If the figure of 20% is considered as a reserve out of 1100 USG, the fuel load carried out of Lae…a 20% reserve would be 220 USG. With my latest workings in MS Excel at low AUW (around 10,000 pounds) and using a low power setting which delivers 120 Smph Indicated Airspeed, 142 Smph True Airspeed at 10,000 feet, the fuel consumption gets down to 34.9 USGPH. For 220 USG with, say, 20 USG being unusable, 200 USG of fuel would therefore give 5 hours 44 minutes endurance.
Note: It is not known what the figure in USG was for unusable fuel on the Electra 10E.
Ron Bright continued on the subject of the Contingency Plan and wrote to the same forum on 16 October 2000. In this writing he mentions another well-known researcher, Cam Warren. Cam Warren and Robert Payne were instrumental in finding, saving and publishing the manuscript of Captain Laurance Safford’s book, “Earhart’s Flight into Yesterday.” Thanks must go to all these researchers who continued the chase with persistence…
Ron Bright continued: [my notations]
As you know from earlier postings after several months of hunting, the Assistant Archivist, Carl Hallberg, was unable to confirm the Doris Rich cite of Box 19, p. 97 reference to Vidal’s claim that Amelia told him (hearsay) that if she missed Howland, and still had four hours of fuel left, she would fly back to the Gilberts and land on a nice sandy beach. Numerous other authors cited Vidal’s claim but none provided specific cites except the “Vidal Collection”, University of Wyoming.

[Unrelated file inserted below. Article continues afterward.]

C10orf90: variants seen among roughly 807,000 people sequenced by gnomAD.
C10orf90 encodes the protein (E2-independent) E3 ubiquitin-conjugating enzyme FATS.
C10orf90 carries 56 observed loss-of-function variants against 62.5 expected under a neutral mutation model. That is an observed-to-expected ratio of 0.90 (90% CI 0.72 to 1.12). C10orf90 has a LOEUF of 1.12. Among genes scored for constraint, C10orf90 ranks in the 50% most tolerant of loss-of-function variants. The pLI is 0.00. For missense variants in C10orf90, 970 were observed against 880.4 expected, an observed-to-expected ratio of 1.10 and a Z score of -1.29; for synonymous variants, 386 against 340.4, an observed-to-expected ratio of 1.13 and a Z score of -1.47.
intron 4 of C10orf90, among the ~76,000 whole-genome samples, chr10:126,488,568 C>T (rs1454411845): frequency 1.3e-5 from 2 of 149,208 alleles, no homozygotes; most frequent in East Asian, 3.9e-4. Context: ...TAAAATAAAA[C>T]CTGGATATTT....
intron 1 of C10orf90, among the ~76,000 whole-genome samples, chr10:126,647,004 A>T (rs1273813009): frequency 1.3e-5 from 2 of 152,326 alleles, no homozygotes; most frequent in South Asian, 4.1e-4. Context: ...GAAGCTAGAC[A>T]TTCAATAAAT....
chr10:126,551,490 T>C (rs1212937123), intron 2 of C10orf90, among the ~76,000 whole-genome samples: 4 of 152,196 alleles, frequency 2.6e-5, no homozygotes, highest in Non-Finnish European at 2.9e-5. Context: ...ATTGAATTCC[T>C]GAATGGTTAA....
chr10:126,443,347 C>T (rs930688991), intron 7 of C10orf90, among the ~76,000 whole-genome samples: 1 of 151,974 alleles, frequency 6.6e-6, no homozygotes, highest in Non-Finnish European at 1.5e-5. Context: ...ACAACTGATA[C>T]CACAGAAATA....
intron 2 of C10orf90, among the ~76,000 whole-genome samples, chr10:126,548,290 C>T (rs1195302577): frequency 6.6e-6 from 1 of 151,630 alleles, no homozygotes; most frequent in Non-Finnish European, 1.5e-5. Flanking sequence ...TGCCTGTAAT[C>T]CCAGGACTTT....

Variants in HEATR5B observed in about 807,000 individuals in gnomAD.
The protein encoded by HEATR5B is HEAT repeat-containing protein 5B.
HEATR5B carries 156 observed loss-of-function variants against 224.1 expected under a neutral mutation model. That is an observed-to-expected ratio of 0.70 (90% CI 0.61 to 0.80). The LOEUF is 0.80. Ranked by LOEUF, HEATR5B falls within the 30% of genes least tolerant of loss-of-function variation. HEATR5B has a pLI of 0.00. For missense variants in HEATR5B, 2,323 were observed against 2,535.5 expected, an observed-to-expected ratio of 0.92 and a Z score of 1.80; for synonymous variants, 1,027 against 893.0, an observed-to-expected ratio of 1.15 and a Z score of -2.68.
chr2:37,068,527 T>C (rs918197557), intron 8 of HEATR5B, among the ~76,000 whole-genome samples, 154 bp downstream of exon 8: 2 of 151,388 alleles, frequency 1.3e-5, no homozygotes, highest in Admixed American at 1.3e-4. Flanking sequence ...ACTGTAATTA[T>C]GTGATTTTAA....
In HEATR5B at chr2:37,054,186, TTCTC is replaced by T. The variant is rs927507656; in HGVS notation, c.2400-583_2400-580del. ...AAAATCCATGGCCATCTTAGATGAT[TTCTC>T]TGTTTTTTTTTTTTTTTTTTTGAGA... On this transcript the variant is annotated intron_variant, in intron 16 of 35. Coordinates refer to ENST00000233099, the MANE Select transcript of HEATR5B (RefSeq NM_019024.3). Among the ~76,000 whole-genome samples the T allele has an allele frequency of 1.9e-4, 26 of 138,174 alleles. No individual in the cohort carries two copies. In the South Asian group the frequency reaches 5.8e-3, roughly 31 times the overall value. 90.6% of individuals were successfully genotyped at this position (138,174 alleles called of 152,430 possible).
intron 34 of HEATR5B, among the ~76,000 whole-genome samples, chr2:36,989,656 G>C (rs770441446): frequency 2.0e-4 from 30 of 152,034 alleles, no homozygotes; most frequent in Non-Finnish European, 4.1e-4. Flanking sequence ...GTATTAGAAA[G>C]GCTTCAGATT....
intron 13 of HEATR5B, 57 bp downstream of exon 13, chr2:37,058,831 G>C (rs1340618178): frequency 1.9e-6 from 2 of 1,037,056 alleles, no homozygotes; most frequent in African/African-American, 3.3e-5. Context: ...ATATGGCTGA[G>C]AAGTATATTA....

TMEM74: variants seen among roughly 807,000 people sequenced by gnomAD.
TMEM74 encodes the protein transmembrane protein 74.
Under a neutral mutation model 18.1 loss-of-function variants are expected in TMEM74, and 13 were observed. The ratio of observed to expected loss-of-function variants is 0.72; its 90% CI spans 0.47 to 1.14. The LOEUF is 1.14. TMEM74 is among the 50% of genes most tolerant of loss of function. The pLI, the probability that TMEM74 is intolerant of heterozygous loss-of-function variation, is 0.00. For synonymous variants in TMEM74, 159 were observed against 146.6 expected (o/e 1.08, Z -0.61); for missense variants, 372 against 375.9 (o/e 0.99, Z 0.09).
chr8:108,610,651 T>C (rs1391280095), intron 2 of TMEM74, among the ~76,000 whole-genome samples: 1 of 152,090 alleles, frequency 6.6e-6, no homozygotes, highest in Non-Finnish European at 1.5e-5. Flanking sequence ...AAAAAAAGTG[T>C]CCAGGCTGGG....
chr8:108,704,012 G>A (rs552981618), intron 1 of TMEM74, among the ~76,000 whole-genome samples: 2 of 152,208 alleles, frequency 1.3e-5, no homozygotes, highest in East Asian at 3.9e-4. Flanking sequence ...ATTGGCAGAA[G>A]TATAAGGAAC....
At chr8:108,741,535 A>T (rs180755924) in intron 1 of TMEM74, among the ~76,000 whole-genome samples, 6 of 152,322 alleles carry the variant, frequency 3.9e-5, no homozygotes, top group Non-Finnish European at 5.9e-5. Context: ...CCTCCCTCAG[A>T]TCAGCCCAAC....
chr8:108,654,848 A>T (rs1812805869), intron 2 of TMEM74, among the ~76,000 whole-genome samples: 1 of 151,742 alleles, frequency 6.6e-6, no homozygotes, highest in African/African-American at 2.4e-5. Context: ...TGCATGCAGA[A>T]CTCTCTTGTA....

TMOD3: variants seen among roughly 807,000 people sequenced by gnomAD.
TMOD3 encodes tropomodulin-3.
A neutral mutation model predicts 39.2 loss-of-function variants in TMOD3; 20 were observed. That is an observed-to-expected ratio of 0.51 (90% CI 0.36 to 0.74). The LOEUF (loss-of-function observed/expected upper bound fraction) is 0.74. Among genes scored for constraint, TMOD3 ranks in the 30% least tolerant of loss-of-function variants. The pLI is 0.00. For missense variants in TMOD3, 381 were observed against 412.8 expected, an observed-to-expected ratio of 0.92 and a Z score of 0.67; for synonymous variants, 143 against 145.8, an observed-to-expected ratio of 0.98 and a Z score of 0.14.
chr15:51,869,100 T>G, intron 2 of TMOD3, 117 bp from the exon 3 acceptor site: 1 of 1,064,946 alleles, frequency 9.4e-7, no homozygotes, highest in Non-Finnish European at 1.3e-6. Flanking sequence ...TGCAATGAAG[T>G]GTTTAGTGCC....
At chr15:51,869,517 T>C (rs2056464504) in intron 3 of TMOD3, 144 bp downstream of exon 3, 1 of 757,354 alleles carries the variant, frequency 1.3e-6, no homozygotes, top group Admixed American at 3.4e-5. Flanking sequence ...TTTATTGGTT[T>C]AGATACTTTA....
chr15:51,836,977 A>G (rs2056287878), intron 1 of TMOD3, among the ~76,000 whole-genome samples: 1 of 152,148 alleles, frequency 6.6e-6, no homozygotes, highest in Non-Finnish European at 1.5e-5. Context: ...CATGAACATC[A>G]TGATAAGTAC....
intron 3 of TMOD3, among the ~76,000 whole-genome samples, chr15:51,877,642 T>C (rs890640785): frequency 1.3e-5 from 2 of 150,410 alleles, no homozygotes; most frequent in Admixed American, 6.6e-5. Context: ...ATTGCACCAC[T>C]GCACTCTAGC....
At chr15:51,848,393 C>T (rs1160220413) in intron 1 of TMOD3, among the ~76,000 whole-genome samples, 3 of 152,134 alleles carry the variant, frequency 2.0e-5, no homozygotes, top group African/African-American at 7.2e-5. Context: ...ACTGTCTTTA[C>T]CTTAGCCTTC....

Although Dustymiss [another researcher] and I tried to get Rich’s notes, who first reported them “discarded,” Cam Warren finally obtained her notes, and, with that new information, found the reference [the Vidal reference] in Box 40, pages 94-103; and sure enough, on page 96-97 there is Vidal’s recollection of Amelia’s intention. This is a lengthy “oral history” tape now transcribed. I am attempting to find out exactly when the tape was made, transcribed, and to whom it was made. (It was taped after the loss as it refers to Amelia’s remark that she was “running low” on gas when “she should have had 4 hours remaining.”)
As Cam has pointed out that is only an insight into her possible plans, although no other contingency, e.g., Phoenix Islands is mentioned, at the planning stage of the second World Flight. Vidal was obviously close to Amelia, and he says he helped her with her route and maps. A lady can change her mind, and, of course, she was in “exigent” circumstances. Nevertheless, the Gilberts were a strong possibility, based on Vidal’s story. All of us realize that that doesn’t solve the “where” yet, but it confirms there are still records existing out there in archives, and museums that may lead to the solution.
But for the persistence of some researchers into the Earhart mystery, assumptions quite often dismiss the actual words said by Earhart – and it would mean that the false assumptions made would prevail and we would be none the wiser. It is a truism that people should never assume that contemporary evidence that pops up from time to time, sometimes quite by accident, is false. All leads to the truth must be scrutinised…